I take my TV shows very seriously. I will watch them religiously, and, until they hurt me, I will not complain about them. With Sherlock, for example, everyone always complains about how long we have to wait for seasons, but I just quietly sip tea in a corner and anxiously wait.
That’s what I did for season two of Master of None. But after this season I must warn everyone that this season was painful, to put it nicely.
The first season followed a logical story line that everyone could follow. This season was all over the place. The main storyline was abandoned part way through the season to be picked up right at the end so that once again fans were not given a whole, satisfying story to sit with while they waited for the next season.
Aziz Ansari writes and stars in this Netflix original series. He’s typically funny and relatable but in this season of the show, it was hard to keep listening to him whine.
Bustle does a good job of outlining the kind of guy he is in the first season: “In the first season of Netflix’s Master of None, Dev Shah is a consummate nice guy. He’s particularly a good ally to women: He exposes a subway masturbator, he calls out a TV commercial director for casting women in stereotypically feminine roles, and when he accidentally potentially impregnates a one-night stand, he makes the extremely gentlemanly gesture of treating her to Plan B and two bottles of Martinelli’s apple juice.”
Something changes in Dev though, as most people do when they go through a bad breakup, but this change moves him from Good Guy to Grade-A Asshole. He goes as far as falling for someone who is engaged and when she won’t uproot her whole life for him, he tells her that she used him. Which isn’t fair because while they like each other, she is making the mature decision to take her time with anything that could end up ruining her life.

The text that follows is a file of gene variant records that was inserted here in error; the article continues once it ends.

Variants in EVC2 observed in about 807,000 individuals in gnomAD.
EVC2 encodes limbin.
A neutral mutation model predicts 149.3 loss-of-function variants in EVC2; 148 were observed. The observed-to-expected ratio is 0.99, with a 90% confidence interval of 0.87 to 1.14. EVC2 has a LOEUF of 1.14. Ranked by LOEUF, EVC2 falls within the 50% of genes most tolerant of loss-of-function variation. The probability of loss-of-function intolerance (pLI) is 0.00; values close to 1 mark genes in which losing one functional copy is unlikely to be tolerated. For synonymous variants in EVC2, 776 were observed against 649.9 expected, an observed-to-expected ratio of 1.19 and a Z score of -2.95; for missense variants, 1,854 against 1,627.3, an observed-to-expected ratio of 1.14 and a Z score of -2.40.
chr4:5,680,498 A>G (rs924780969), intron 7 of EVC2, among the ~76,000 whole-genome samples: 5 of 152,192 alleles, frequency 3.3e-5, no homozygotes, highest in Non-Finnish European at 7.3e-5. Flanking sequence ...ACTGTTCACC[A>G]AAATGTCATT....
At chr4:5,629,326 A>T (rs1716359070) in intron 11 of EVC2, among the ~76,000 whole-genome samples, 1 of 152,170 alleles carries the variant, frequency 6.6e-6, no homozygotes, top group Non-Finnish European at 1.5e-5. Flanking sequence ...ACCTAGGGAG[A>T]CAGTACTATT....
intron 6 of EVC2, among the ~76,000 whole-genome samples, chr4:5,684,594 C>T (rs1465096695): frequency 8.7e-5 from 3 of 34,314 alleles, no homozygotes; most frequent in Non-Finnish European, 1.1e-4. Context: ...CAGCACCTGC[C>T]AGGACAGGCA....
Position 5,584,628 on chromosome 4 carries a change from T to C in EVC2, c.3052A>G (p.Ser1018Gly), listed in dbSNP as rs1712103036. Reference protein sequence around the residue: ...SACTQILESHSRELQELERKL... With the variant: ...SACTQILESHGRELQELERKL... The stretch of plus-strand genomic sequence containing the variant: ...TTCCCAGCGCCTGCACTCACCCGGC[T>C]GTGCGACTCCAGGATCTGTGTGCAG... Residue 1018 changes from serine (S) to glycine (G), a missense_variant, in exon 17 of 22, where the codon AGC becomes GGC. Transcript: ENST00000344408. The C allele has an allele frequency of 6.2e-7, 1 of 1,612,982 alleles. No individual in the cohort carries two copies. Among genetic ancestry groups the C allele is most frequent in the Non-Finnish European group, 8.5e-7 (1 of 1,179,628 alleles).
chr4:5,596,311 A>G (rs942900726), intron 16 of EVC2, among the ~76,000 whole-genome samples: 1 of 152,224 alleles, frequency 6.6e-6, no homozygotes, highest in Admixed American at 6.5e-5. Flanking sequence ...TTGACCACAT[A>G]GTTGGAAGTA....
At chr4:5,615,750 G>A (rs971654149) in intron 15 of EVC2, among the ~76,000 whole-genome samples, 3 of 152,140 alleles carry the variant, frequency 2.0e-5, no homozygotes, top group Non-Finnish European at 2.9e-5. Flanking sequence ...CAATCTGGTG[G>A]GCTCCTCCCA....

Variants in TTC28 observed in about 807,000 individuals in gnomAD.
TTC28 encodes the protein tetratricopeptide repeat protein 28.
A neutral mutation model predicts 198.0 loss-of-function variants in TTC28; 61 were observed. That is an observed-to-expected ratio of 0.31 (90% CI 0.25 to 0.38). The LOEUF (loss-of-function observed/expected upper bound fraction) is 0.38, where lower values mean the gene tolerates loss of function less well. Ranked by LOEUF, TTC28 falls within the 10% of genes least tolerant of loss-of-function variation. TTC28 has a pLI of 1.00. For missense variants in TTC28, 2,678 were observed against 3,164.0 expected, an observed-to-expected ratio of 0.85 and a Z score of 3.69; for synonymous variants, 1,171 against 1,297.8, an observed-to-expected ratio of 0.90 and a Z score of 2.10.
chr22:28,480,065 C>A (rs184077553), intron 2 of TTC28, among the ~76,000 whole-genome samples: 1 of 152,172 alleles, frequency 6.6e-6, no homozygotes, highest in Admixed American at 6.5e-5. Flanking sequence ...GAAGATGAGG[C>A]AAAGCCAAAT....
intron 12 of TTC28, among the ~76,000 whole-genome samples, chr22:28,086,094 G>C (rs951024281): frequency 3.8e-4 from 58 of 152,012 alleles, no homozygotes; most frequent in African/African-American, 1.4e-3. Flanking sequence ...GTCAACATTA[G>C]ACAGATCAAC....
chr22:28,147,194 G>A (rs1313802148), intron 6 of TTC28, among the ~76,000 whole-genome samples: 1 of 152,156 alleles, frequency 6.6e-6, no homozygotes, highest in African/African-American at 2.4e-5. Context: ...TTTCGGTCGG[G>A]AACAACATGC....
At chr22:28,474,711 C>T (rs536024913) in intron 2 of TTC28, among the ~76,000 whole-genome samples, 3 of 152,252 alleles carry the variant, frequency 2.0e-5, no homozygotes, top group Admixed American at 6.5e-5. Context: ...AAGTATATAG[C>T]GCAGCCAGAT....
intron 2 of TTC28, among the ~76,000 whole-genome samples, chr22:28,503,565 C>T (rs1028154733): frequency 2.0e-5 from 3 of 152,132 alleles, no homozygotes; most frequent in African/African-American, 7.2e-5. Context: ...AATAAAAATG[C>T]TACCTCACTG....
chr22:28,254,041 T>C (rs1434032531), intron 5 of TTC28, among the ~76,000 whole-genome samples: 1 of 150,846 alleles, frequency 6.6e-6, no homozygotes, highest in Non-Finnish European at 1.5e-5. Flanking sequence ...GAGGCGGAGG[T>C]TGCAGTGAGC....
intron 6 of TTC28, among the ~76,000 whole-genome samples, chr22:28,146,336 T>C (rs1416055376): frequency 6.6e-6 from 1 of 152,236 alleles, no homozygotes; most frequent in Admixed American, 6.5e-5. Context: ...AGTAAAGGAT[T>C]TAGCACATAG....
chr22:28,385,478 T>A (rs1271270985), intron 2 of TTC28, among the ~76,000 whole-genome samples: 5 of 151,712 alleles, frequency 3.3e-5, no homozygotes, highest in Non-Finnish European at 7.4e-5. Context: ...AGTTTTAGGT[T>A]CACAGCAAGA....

His friend Arnold (Eric Wareheim) was an awesome part of the first season. And stayed that way for this season too. At least something worked for this season.
There were two very important episodes that could have been the whole season but were squished into 30 minutes with no real direction.
The first one was episode three, called “Religion.” Dev’s family is Muslim and the episode did a good job of highlighting the issues that some children experience when trying to come to terms with who they are in the country they live in and the culture/religion they are supposed to be following.
The second one was episode eight, called “Thanksgiving.” Dev’s family doesn’t celebrate Thanksgiving, so he’s spent every Thanksgiving he can with Denise (Lena Waithe) and her family. When the episode started, it was weirdly disconnected to the rest of the series but the point quickly becomes clear. It’s Denise’s journey from realizing she’s attracted to
women, to telling her mom, and the acceptance that her family shows her once she’s open with them – which could have been a season on it’s own.
By the time I got to the seventh episode I wanted so badly for it to be the end of the season. It was like pulling teeth to get through to the end – which once again was not a real conclusion and should have had its lead-up shown on screen.
The first episode was filmed in Italy and had the potential of being a beautiful episode, but it was done in black and while – which I truly didn’t understand. I am all for a strong insta-aesthetic game but it added nothing in terms of production value, nor did it advance the plot in any way.
Ansari made it clear after this season that the wait for the next one would be even longer as he felt like something drastic would have to happen, such as having a kid, before he could come up with more material to write about.
I’m not sure I’ll watch the next season, or even wait for it in any kind of anticipation, but it would make for some good background noise.
Better Than: Santa Clarita Diet
Not as Good as: Season 1
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